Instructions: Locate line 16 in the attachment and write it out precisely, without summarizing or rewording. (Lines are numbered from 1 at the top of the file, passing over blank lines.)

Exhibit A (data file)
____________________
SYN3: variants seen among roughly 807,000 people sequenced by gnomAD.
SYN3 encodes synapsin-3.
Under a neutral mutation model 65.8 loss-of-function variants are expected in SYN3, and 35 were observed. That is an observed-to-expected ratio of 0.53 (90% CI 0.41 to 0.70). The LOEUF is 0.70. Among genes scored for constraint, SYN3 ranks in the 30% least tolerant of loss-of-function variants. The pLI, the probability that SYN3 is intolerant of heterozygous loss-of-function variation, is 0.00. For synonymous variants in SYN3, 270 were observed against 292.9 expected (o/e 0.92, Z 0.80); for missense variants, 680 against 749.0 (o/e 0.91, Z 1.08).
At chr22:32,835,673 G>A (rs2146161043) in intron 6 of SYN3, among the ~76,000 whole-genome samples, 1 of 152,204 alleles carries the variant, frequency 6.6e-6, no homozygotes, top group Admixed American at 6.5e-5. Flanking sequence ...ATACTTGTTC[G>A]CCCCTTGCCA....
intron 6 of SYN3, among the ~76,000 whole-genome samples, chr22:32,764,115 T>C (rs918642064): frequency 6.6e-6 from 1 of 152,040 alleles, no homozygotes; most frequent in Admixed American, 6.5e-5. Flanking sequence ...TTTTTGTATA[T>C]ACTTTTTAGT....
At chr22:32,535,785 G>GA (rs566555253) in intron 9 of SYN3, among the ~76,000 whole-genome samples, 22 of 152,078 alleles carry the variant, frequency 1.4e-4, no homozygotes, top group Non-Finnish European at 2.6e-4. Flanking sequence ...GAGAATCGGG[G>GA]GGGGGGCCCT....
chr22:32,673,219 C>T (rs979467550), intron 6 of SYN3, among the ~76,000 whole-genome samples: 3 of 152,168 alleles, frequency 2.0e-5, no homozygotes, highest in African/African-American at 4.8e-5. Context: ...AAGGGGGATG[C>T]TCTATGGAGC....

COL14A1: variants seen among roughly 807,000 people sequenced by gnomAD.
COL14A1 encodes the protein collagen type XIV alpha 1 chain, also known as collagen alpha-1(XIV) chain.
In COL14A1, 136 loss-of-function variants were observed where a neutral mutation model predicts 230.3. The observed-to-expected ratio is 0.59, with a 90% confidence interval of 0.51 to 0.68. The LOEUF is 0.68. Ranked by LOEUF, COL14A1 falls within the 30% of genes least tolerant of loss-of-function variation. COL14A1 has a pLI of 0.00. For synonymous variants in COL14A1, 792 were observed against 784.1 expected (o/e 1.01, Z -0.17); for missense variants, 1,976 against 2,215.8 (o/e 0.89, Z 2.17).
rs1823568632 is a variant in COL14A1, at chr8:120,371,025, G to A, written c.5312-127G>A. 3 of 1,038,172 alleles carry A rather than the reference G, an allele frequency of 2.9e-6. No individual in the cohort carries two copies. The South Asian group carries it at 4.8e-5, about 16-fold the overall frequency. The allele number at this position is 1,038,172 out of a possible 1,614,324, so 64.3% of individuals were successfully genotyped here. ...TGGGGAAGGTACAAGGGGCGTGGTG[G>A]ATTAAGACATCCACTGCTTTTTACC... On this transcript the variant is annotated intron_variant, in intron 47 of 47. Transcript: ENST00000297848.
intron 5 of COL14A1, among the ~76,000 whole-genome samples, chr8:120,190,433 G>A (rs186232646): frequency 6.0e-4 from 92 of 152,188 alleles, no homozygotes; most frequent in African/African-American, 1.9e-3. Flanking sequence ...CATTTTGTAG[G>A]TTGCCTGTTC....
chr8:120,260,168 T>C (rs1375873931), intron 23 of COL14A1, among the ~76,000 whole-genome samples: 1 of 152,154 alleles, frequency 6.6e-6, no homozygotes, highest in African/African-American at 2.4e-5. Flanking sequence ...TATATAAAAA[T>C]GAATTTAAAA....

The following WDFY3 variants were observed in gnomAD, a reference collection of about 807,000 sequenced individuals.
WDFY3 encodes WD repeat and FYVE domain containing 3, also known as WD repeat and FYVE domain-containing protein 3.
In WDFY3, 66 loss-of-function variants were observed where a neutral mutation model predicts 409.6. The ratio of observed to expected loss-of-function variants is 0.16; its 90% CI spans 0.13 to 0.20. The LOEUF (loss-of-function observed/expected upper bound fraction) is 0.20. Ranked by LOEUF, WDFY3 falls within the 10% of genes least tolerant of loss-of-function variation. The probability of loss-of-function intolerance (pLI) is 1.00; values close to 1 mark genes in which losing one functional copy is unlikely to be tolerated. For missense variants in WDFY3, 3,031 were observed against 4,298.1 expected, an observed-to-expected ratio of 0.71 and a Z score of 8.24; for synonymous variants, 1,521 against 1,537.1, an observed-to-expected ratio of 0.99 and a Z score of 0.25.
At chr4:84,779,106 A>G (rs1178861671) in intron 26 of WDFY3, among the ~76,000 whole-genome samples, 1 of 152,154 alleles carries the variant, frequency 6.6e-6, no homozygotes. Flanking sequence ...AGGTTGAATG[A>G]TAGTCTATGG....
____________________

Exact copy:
In WDFY3, 66 loss-of-function variants were observed where a neutral mutation model predicts 409.6. The ratio of observed to expected loss-of-function variants is 0.16; its 90% CI spans 0.13 to 0.20. The LOEUF (loss-of-function observed/expected upper bound fraction) is 0.20. Ranked by LOEUF, WDFY3 falls within the 10% of genes least tolerant of loss-of-function variation. The probability of loss-of-function intolerance (pLI) is 1.00; values close to 1 mark genes in which losing one functional copy is unlikely to be tolerated. For missense variants in WDFY3, 3,031 were observed against 4,298.1 expected, an observed-to-expected ratio of 0.71 and a Z score of 8.24; for synonymous variants, 1,521 against 1,537.1, an observed-to-expected ratio of 0.99 and a Z score of 0.25.